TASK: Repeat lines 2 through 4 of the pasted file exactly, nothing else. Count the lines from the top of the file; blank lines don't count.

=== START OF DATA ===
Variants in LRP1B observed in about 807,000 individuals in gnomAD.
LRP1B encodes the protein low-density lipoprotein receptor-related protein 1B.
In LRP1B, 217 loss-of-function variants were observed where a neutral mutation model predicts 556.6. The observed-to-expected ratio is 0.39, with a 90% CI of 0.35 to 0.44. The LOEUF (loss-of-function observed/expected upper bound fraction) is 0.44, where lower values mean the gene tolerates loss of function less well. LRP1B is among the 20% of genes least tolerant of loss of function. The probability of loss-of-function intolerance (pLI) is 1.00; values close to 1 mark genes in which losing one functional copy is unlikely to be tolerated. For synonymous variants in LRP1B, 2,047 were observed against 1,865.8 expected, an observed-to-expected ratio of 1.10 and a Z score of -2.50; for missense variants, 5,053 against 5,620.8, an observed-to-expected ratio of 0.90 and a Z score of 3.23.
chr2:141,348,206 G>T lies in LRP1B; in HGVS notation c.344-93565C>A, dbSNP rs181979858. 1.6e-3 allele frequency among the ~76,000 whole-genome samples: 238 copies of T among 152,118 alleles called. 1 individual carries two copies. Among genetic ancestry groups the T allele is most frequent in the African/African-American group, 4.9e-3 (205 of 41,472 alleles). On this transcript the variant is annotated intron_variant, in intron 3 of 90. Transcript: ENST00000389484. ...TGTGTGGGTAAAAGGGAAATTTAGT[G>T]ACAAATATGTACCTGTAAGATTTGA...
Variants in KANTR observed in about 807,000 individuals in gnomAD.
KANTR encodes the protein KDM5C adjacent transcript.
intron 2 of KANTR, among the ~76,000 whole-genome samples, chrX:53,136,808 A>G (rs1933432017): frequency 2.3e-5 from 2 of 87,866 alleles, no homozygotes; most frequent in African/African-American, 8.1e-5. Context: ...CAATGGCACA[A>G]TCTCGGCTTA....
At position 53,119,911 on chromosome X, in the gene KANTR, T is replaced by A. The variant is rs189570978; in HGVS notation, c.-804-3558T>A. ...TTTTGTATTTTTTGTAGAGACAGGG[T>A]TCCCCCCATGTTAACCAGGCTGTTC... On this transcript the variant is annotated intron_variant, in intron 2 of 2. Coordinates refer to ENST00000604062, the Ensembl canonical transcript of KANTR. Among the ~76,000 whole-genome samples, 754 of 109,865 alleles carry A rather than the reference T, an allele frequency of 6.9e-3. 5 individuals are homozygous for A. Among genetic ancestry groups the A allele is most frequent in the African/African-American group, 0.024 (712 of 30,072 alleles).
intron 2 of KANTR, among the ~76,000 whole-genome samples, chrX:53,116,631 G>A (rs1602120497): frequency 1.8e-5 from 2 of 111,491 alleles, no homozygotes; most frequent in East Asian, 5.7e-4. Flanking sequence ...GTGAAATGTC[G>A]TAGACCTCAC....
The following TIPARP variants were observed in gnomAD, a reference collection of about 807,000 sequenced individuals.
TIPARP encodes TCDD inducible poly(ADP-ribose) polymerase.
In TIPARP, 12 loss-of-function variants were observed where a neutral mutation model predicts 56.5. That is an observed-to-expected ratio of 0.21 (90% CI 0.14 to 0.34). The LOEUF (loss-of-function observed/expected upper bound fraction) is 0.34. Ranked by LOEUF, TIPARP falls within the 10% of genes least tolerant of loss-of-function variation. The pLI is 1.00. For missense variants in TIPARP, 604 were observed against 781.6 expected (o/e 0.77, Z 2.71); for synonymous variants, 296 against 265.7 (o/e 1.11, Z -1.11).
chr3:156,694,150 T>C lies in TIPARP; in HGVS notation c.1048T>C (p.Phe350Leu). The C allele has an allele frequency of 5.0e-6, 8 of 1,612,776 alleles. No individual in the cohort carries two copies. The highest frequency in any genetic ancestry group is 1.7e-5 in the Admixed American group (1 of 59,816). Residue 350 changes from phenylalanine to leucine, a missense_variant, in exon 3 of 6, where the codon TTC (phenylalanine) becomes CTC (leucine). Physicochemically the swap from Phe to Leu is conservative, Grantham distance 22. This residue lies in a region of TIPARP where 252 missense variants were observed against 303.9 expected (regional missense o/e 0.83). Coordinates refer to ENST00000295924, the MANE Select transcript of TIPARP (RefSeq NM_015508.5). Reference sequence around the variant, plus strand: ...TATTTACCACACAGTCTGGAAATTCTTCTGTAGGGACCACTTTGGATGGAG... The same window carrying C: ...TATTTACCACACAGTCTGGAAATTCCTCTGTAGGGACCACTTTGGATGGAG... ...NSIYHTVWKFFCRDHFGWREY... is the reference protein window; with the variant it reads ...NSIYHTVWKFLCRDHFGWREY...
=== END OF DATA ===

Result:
LRP1B encodes the protein low-density lipoprotein receptor-related protein 1B.
In LRP1B, 217 loss-of-function variants were observed where a neutral mutation model predicts 556.6. The observed-to-expected ratio is 0.39, with a 90% CI of 0.35 to 0.44. The LOEUF (loss-of-function observed/expected upper bound fraction) is 0.44, where lower values mean the gene tolerates loss of function less well. LRP1B is among the 20% of genes least tolerant of loss of function. The probability of loss-of-function intolerance (pLI) is 1.00; values close to 1 mark genes in which losing one functional copy is unlikely to be tolerated. For synonymous variants in LRP1B, 2,047 were observed against 1,865.8 expected, an observed-to-expected ratio of 1.10 and a Z score of -2.50; for missense variants, 5,053 against 5,620.8, an observed-to-expected ratio of 0.90 and a Z score of 3.23.
chr2:141,348,206 G>T lies in LRP1B; in HGVS notation c.344-93565C>A, dbSNP rs181979858. 1.6e-3 allele frequency among the ~76,000 whole-genome samples: 238 copies of T among 152,118 alleles called. 1 individual carries two copies. Among genetic ancestry groups the T allele is most frequent in the African/African-American group, 4.9e-3 (205 of 41,472 alleles). On this transcript the variant is annotated intron_variant, in intron 3 of 90. Transcript: ENST00000389484. ...TGTGTGGGTAAAAGGGAAATTTAGT[G>T]ACAAATATGTACCTGTAAGATTTGA...